Green Hills Literary Lantern





Five Bullets




I’m visiting Mom in the hospital and I’m struggling to smile. It hurts my face. She had a stroke a week ago, Labor day. Her partner, a textiles salesman, called the hospital as soon as he saw spots of drool drop on scrambled egg gravel, and medical personnel administered the magic bullet. Now she sits up in a hospital bed, her partner has visited but once, and Mom’s talking about being seven. Her memories are lucid, visual, and surprisingly ethnic. Perhaps because she can only speak from the left side of her mouth, her words have returned home to Macedonia. Every sentence ends with a reedy rise. She tells a story about a chicken.


As she speaks, I glance away at a painting of a nude woman, standing over a washbasin. Eyes tired, hair imperfect, even knotted in places, she cares not that I see her.


Mom, in the story, wears a dress and white shoes with socks falling to her ankles. She pads after her mother, Babo Sophie, among tomatoes and latticed grapes in their backyard. A red chicken squawks playfully, encouraging Mom to toss food or chase him about. The chicken’s a pet given to them by a grateful neighbor. Dedo Chris, Mom’s Dad, had let the neighbors buy on credit late in the month, when money’s short.


Mom’s parents were immigrants, operating a variety store in Toronto’s west end. Dedo worked long hours and the three boys helped him. Mom, the baby and only girl, was spoiled, given to many a delightful game and flights of storytelling in the yard.


But during a holiday—it’s unclear which one—Babo Deanna, Sophie’s aunt with a long face, dark bandanna, and heavy accent, visited and insisted Babo cook the chicken. She teased, saying what are you saving it for, Macedonian Christmas? Babo knew how important the squawking chicken was to my mother but she also knew to respect her elders. “What’s a matter with you, you crazy?” Deanna repeated at regular intervals.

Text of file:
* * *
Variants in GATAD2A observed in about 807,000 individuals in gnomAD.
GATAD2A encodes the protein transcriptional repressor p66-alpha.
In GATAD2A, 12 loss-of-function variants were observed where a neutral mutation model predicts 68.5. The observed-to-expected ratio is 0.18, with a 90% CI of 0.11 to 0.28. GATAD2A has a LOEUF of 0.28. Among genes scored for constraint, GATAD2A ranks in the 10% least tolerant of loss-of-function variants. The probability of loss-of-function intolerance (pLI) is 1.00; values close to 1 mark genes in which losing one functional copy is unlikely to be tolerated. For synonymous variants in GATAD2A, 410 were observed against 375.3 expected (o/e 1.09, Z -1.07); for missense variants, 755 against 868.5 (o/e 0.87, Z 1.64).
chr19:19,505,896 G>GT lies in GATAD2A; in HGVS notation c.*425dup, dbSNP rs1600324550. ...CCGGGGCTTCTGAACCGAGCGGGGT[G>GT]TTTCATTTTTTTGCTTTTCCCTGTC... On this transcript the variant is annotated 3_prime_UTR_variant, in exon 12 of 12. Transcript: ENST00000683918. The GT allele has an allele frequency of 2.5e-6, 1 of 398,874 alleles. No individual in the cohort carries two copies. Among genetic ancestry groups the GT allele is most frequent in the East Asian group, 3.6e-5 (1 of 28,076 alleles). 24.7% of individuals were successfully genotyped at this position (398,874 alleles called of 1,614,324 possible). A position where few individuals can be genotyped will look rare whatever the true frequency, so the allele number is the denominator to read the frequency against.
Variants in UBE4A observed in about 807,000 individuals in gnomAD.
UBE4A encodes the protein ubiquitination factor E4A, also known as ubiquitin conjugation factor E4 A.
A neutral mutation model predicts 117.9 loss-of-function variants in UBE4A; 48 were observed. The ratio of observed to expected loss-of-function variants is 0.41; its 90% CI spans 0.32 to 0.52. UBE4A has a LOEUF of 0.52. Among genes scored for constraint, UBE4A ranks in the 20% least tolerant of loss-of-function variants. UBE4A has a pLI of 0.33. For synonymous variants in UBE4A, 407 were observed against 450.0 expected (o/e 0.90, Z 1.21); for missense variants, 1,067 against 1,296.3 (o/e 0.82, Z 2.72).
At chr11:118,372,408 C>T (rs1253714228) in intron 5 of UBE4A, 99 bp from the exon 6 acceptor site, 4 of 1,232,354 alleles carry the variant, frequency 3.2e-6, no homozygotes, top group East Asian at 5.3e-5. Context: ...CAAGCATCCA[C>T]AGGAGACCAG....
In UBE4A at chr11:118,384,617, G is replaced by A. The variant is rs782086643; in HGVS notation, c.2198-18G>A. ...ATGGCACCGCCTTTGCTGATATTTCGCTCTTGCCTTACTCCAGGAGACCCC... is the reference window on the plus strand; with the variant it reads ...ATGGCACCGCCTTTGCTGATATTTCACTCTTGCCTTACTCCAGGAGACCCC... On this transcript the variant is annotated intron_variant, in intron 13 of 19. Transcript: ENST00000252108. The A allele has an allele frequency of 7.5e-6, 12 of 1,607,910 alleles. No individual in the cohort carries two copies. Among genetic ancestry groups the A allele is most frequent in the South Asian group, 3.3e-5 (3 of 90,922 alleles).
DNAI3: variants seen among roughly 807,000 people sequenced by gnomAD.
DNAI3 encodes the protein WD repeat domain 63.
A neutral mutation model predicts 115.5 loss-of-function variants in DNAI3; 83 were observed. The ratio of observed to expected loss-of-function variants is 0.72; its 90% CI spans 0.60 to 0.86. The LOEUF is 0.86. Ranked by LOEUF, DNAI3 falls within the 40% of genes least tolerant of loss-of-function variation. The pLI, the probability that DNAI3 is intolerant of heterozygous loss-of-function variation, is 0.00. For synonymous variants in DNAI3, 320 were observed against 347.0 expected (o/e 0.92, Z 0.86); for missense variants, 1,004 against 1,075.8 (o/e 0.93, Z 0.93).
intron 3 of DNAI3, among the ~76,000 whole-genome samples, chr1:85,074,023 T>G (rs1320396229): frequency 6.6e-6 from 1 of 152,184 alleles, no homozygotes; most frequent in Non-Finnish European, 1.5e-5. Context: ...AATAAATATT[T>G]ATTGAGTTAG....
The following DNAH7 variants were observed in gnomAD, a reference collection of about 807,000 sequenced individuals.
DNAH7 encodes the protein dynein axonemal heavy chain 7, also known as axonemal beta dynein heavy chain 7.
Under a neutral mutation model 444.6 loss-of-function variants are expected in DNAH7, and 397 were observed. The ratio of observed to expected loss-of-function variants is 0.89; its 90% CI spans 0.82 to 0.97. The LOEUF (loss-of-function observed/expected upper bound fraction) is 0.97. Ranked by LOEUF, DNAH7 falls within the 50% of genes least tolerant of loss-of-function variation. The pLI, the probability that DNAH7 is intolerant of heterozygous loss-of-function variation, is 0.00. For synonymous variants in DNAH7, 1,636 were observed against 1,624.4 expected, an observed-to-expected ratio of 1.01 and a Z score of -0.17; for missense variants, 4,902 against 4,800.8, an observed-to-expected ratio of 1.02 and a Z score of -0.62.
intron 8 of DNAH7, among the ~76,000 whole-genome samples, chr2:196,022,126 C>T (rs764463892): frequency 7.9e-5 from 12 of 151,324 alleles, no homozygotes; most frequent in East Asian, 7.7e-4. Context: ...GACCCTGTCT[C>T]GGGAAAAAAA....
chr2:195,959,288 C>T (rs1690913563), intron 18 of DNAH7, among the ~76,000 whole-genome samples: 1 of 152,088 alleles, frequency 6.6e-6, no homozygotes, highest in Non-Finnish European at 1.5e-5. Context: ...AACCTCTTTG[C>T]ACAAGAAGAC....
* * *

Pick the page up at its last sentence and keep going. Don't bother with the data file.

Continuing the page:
Mom sighs as she tells the story new. “You know how it was. Wanting to fit in.” Mom’s parents hated to be embarrassed. So, Dedo killed the chicken.


“What was the chicken’s name?” I ask.


“Why does it matter, Griff?” Mom’s eyes don’t look as bright as I remember. They’re murky.


“It’s harder to kill a pet if it has a name,” I say.


“It had a name. I just don’t remember it—”


“I can’t believe Dedo killed the chicken.”


“Yes. He killed it. Babo boiled and served it.”


“That’s gross,” my sister Michelle says. She’s forty now and still beautiful. Her dark black hair has brown highlights. She possesses all the grace and aesthetic beauty of our family. The nude painting on the wall was her idea. She posted it across from Mom, figuring it would provide a focal point of relaxation for the long hours Mom was alone. I find the painting too personal; its unabashed nakedness is more than what I want to look at. Even the brush strokes are coarse. “I bet nobody but Deanna ate the damn chicken,” Sis says. She visualizes the table. Everyone staring while Deanna eats.